Wow, what a great conference! Last weekend (10-11th May 2014) the third European QS conference was held in Amsterdam. ‘A carefully curated unconference’, and let’s admit it, it’s true. This is the only conference where 250 people will enrol, and subsequently will create the contents of the conference themselves. And how! They share personal stories about self-experimenting, straight from the heart.

A few developments stand out since the first European conference in 2011. Earlier conferences mainly highlighted data collection strategies and tools (the Q of Quantified), this conference the spotlight was on mortality, memory and mindfulness (the S of Self). Mindfulness? Yes, for many self-trackers the actual moment of tracking makes them more aware of who they are and what they do. Securing relevant events in life helps experience them more intense. That this provides a stream of data, is merely a consequence, not a goal in itself. Unless the goal is to find patterns that you cannot discover with just your biological senses. Either way, to live mindfully seems to be the main focus in many experiments.

Something else that stood out is the increased quality of self-tracking experiments; the stories have become more outspoken, the quality of tools and methods used has increased and the interpretation of data has become more in-depth. The possibilities of n=1 as a research design and participatory research for population studies become more likely.

A group of attendees also reflected on criticism regarding QS as a movement. Data-fetishism, exhibitionism, autism and narcissism are just a few of the labels self-trackers are sometimes given. There might be a point in that, but there’s basically not a single self-tracker who takes the criticism seriously. The collection of data is not the main goal, it is a means to an end. The tools are an extension of your senses, at most, or the data serves as an extended memory. It is all about the learning experience, ‘learn by doing’. And this ambition to gain (self)knowledge hasn’t harmed anyone yet.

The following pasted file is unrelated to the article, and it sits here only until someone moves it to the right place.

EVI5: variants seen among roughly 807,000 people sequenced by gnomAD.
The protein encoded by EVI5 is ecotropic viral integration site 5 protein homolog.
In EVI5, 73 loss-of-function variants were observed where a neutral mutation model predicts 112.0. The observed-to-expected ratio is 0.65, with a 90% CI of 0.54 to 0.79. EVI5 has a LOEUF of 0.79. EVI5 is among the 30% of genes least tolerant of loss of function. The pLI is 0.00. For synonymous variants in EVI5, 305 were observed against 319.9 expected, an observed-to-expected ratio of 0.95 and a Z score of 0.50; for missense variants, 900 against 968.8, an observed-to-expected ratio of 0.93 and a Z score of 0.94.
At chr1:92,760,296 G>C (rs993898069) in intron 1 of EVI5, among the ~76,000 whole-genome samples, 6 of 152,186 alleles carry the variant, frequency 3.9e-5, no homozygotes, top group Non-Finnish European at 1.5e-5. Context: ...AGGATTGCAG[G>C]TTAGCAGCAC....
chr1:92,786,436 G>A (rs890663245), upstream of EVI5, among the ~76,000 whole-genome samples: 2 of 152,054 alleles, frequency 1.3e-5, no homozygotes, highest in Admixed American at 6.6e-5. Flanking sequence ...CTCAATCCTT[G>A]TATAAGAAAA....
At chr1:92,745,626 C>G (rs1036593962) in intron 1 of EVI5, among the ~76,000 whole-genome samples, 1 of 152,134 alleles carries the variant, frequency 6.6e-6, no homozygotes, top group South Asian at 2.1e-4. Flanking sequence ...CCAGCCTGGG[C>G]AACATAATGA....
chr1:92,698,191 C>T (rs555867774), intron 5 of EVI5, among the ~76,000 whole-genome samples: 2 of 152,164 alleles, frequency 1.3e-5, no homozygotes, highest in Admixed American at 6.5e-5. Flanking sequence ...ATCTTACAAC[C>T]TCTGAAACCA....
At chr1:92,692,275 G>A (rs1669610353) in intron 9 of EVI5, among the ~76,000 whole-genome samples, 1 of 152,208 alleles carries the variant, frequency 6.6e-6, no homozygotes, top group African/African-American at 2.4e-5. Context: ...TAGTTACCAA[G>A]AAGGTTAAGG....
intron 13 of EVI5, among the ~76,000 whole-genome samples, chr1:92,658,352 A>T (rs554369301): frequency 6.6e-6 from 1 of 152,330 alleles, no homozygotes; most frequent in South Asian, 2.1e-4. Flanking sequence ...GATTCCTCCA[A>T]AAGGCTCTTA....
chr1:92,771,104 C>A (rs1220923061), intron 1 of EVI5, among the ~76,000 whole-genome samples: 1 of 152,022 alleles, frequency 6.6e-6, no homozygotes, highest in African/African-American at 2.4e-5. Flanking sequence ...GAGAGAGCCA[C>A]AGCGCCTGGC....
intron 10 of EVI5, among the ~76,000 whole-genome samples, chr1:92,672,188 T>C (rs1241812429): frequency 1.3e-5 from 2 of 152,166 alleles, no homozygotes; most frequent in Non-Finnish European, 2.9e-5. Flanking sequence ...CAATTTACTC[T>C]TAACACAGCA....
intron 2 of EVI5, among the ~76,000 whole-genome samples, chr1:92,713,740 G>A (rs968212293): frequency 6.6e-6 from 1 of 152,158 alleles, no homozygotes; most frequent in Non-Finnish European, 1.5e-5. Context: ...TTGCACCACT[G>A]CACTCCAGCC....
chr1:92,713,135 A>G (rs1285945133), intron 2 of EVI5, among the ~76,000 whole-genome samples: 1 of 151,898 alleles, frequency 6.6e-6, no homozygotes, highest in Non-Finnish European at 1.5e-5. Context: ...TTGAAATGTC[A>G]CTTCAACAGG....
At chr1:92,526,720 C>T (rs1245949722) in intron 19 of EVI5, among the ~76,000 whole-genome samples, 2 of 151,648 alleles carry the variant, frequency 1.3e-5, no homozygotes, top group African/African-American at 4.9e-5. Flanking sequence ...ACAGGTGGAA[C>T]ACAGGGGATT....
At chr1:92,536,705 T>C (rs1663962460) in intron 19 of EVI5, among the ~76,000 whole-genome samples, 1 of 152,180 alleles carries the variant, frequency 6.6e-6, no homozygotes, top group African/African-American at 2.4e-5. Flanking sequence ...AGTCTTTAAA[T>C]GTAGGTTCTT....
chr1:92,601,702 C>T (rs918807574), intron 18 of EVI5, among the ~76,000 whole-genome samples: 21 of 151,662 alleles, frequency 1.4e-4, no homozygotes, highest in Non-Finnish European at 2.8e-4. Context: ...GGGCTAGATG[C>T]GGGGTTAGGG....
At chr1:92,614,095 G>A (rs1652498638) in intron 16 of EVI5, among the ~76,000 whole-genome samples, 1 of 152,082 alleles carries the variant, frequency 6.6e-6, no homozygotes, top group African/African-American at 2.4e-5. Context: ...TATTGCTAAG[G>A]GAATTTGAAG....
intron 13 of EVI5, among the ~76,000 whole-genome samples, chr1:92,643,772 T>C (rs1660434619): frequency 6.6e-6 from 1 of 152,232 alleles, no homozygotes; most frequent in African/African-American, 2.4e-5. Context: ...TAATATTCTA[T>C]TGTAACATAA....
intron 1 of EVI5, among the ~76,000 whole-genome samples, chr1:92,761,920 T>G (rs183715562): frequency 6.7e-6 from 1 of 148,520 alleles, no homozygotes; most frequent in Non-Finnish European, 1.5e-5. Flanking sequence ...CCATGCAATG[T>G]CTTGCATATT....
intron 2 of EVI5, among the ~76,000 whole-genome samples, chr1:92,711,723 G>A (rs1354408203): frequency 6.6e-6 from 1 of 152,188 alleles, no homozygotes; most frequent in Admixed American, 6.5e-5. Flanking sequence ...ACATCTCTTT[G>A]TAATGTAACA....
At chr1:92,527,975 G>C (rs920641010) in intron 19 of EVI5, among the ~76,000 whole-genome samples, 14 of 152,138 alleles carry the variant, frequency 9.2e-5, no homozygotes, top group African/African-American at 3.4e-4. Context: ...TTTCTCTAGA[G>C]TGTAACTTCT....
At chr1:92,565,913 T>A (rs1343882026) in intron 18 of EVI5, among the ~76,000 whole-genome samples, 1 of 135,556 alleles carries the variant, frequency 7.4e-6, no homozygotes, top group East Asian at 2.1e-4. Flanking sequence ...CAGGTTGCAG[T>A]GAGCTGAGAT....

It seems like the QS community has slowly but surely reached the stage of norming (see Tuckman). Starting on time, active participation, reasoning from you own point of view, respect for your peers, lots of air and breaks in the programme but most of all lots of chats with each other to share experience. A social community that works constructively and uses storytelling to work on a new future for empiric evidence.

By Martijn de Groot

Source: De Digitale Zorggids, 14 May 2014 (dutch)